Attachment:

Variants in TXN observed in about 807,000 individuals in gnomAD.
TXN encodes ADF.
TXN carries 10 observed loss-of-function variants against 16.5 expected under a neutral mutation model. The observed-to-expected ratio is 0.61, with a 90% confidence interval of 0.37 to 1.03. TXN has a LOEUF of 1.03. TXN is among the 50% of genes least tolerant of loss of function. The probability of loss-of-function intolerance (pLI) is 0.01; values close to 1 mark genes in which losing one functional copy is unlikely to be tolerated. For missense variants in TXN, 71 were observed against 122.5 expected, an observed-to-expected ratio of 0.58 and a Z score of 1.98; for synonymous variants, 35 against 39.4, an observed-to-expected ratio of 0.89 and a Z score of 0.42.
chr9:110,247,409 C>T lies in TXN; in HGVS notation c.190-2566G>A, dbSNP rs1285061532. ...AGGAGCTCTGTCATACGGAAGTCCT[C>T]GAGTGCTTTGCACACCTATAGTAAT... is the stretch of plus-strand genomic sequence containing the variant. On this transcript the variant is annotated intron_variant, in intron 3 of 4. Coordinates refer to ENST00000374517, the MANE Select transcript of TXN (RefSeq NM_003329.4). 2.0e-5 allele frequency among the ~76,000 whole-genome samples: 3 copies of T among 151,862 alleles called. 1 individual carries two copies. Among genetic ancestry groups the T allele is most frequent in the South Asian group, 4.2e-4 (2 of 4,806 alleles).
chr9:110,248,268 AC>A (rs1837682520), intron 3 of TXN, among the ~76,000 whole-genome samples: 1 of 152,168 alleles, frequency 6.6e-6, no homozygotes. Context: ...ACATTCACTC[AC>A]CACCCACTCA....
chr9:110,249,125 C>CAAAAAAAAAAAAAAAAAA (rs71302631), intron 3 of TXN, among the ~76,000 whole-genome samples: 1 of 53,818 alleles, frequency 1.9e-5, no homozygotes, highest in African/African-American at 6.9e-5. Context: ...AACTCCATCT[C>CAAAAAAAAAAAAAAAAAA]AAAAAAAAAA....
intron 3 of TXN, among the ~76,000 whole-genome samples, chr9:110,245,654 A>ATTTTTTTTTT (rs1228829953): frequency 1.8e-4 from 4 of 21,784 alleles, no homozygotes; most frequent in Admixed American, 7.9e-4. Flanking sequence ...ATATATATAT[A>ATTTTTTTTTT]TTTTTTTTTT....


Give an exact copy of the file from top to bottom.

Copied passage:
Variants in TXN observed in about 807,000 individuals in gnomAD.
TXN encodes ADF.
TXN carries 10 observed loss-of-function variants against 16.5 expected under a neutral mutation model. The observed-to-expected ratio is 0.61, with a 90% confidence interval of 0.37 to 1.03. TXN has a LOEUF of 1.03. TXN is among the 50% of genes least tolerant of loss of function. The probability of loss-of-function intolerance (pLI) is 0.01; values close to 1 mark genes in which losing one functional copy is unlikely to be tolerated. For missense variants in TXN, 71 were observed against 122.5 expected, an observed-to-expected ratio of 0.58 and a Z score of 1.98; for synonymous variants, 35 against 39.4, an observed-to-expected ratio of 0.89 and a Z score of 0.42.
chr9:110,247,409 C>T lies in TXN; in HGVS notation c.190-2566G>A, dbSNP rs1285061532. ...AGGAGCTCTGTCATACGGAAGTCCT[C>T]GAGTGCTTTGCACACCTATAGTAAT... is the stretch of plus-strand genomic sequence containing the variant. On this transcript the variant is annotated intron_variant, in intron 3 of 4. Coordinates refer to ENST00000374517, the MANE Select transcript of TXN (RefSeq NM_003329.4). 2.0e-5 allele frequency among the ~76,000 whole-genome samples: 3 copies of T among 151,862 alleles called. 1 individual carries two copies. Among genetic ancestry groups the T allele is most frequent in the South Asian group, 4.2e-4 (2 of 4,806 alleles).
chr9:110,248,268 AC>A (rs1837682520), intron 3 of TXN, among the ~76,000 whole-genome samples: 1 of 152,168 alleles, frequency 6.6e-6, no homozygotes. Context: ...ACATTCACTC[AC>A]CACCCACTCA....
chr9:110,249,125 C>CAAAAAAAAAAAAAAAAAA (rs71302631), intron 3 of TXN, among the ~76,000 whole-genome samples: 1 of 53,818 alleles, frequency 1.9e-5, no homozygotes, highest in African/African-American at 6.9e-5. Context: ...AACTCCATCT[C>CAAAAAAAAAAAAAAAAAA]AAAAAAAAAA....
intron 3 of TXN, among the ~76,000 whole-genome samples, chr9:110,245,654 A>ATTTTTTTTTT (rs1228829953): frequency 1.8e-4 from 4 of 21,784 alleles, no homozygotes; most frequent in Admixed American, 7.9e-4. Flanking sequence ...ATATATATAT[A>ATTTTTTTTTT]TTTTTTTTTT....